Like Mother’s Day, Father’s Day is fraught with ridiculous generalities and silly sentiments. Instead of being beholden to advertisers’ image of dad, perhaps it’s time to examine the history of fathers and what they have to offer.
You all probably remember that I do not like Mother’s Day, so it should come as no surprise that I don’t care for Father’s Day either. Yes, my dislike of the ‘holiday’ stems from many of the same reasons — the crass commercialization, the stereotypical gender roles — but it is about more than that. Fathers get short shrift in our culture, and nowhere is this more evident than in Father’s Day cards. When I perused several card collections, most of what I saw included power tools, napping in recliners, driving lawn mowers, giving out cash, and drinking beer. Children made an appearance in some of them but, by and large, they were absent.
Men are called fathers when they have sired children, yet most of these cards appear to miss that connection and focus solely on what they believe stereotypical manhood to be. One card even stated that fathers are great because they are great men. Umm…what? The two are not necessarily the same thing! For that matter, what do they consider the definition of a great man and a great father to be? Because, if they’re leaning toward a definition that emphasizes stereotypical guy things, then that usually doesn’t include children or childcare. And if that’s not bad enough, the absence of daughters and sons goes to show that, just like they have with Mother’s Day, people have forgotten their history.
In Colonial America, fathers were heavily involved in their children’s lives. Since mothers were deemed too untrustworthy to be good influences (yes, I’m serious), the responsibility of raising children fell to fathers. They were the ones who nurtured the kids, cared for their physical needs, and provided their offspring’s spiritual, academic and vocational education. At that time in our country’s history, it was fathers who were the primary parent, and this changed only when men’s work moved them out of the home and more toward the marketplace. By the time the Industrial Revolution hit, mothers had taken over the primary parent role, and fathers became increasingly separated from their children.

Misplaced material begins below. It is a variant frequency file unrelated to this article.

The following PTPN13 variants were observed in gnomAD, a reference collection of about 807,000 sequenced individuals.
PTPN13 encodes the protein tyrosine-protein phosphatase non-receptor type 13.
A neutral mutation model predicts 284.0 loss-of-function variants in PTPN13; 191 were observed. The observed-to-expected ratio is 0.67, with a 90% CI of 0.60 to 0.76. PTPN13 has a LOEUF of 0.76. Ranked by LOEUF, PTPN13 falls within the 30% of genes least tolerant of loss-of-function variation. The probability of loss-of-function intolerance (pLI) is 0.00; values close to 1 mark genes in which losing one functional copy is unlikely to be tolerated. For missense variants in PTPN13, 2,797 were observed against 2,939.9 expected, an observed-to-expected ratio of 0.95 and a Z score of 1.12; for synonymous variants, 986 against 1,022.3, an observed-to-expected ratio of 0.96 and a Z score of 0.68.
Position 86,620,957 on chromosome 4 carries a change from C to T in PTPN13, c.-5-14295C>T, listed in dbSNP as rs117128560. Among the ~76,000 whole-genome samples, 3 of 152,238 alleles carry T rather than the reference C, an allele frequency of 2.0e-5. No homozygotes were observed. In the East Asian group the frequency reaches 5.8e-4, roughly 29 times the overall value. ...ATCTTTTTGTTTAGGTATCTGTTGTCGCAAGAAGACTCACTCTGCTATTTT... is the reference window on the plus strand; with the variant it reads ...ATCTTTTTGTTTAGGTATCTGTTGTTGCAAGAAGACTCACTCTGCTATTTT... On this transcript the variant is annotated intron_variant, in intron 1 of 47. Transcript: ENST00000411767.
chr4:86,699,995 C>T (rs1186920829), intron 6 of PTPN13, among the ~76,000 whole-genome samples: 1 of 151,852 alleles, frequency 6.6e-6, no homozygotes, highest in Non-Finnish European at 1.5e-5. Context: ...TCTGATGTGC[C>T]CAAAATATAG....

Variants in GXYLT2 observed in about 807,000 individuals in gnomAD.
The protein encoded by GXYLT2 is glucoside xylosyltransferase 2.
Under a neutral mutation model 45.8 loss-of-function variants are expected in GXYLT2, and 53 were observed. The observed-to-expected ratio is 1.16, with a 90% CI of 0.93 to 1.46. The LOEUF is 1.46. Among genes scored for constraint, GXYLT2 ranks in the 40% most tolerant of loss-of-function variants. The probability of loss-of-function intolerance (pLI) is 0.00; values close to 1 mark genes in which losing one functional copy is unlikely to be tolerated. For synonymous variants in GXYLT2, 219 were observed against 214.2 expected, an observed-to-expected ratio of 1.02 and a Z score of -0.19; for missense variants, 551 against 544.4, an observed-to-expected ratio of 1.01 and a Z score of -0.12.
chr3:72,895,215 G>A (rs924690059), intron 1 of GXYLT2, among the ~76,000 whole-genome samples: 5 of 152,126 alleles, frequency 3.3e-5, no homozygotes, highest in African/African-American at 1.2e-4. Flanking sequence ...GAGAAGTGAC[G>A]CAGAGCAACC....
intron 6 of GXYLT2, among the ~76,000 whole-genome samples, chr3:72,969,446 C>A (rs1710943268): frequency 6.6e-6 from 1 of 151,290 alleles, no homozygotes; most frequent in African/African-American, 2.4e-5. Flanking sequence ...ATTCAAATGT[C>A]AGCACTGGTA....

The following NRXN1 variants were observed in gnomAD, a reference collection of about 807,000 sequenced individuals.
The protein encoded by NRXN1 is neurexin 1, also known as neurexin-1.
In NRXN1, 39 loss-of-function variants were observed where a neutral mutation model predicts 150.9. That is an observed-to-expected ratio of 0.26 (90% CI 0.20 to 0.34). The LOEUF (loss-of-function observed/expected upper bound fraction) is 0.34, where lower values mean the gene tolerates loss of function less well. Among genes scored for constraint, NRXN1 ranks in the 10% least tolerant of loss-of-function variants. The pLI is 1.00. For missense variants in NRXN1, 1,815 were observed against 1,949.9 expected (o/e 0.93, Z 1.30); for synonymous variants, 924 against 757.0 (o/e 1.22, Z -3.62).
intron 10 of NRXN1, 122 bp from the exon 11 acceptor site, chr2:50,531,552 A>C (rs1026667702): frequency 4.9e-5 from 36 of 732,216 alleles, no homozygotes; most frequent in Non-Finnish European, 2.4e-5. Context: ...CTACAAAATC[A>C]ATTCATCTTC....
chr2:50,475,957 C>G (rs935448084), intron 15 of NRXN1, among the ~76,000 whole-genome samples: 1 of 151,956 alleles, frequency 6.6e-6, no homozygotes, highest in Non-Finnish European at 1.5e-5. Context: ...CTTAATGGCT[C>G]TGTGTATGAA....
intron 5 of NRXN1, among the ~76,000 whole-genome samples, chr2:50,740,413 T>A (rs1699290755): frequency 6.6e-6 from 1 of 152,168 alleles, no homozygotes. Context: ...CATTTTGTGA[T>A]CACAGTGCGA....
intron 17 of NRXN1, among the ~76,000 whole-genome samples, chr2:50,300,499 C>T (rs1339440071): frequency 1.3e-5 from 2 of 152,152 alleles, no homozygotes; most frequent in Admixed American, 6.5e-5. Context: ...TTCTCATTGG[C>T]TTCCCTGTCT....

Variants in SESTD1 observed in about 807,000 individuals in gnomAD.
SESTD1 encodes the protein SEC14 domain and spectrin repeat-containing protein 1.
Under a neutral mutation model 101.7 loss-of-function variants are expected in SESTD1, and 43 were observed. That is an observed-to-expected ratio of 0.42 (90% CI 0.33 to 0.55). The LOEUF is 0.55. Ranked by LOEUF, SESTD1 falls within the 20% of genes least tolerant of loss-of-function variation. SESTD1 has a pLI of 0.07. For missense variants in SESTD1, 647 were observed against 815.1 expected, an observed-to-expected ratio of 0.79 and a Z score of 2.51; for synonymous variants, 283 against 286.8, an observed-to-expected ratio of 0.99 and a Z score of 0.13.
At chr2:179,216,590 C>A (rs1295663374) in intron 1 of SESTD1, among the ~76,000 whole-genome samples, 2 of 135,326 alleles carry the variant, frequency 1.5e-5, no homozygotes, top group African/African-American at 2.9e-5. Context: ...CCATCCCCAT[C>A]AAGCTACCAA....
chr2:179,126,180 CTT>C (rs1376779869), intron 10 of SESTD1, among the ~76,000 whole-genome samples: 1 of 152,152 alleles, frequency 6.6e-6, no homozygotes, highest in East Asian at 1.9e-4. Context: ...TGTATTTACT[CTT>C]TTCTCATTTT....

These days, many fathers want to have more time with their kids, but society doesn’t always make this easy to do. Mothers are still considered the primary parent. Parents Magazine still emphasizes mothering; schools still call mothers first, even if they have been instructed not to do so; parental leave for fathers still isn’t valued (or paid); the number of stay-at-home dads is still low; and fathers’ participation in childcare is still pretty minimal. In addition, as evidenced by Father’s Day advertising, the work of fathering is still considered to be more playful than nurturing. And that really shortchanges dads.
Thus, one of the biggest reasons I hate Father’s Day is that it seems to promote this image of fathers that is all but foreign to me. None of those descriptions describe my father. He has always been someone to whom I can relate. Instead of being this beer drinking, power tool wielding napper who gives out cash, he is someone I can talk to. We share a love of food (both cooking and eating), frequently laugh together, and he is someone with whom I can enjoy genuine love and affection. My dad is one of my biggest supporters, and was an inspiration for how to choose the kind of man I wanted for my partner and father of my own child.
This macho view of fathers doesn’t describe my grandfather either. While he did nap, use power tools and barbeque with the best of them, he also was a kind, loyal and responsible family man to the core. You wouldn’t find him engaging in the kind of nonsense so many of the Father’s Day advertisers portray, like accidentally leaving the baby behind in a parking lot. Instead, my grandfather put his family’s needs ahead of his own, nurtured many unruly teenagers (both those he was related to and those he wasn’t), was the first to offer to either gently hold or get down on the floor to play with his great-grandchildren, and almost effortlessly blended a brusque sense of duty with love and compassion. I once watched him go from frustration, to an acceptance of hard truths, to requesting forgiveness, all in the space of 15 minutes. For me, that’s what true fathering is all about.
So, on this Father’s Day, I will roll my eyes at the blatant attempts to get me to spend money under the guise of love and appreciation. I will sigh heavily at the cartoonish depiction of fathers who bear little resemblance to reality. Instead of buying in to a message I know to be untrue, I will spend quality time with my dad and support my partner in his quest to be the best father he can be. And I also will renew my efforts to make society value everything that fathers have to offer. I owe my father and grandfather nothing less.
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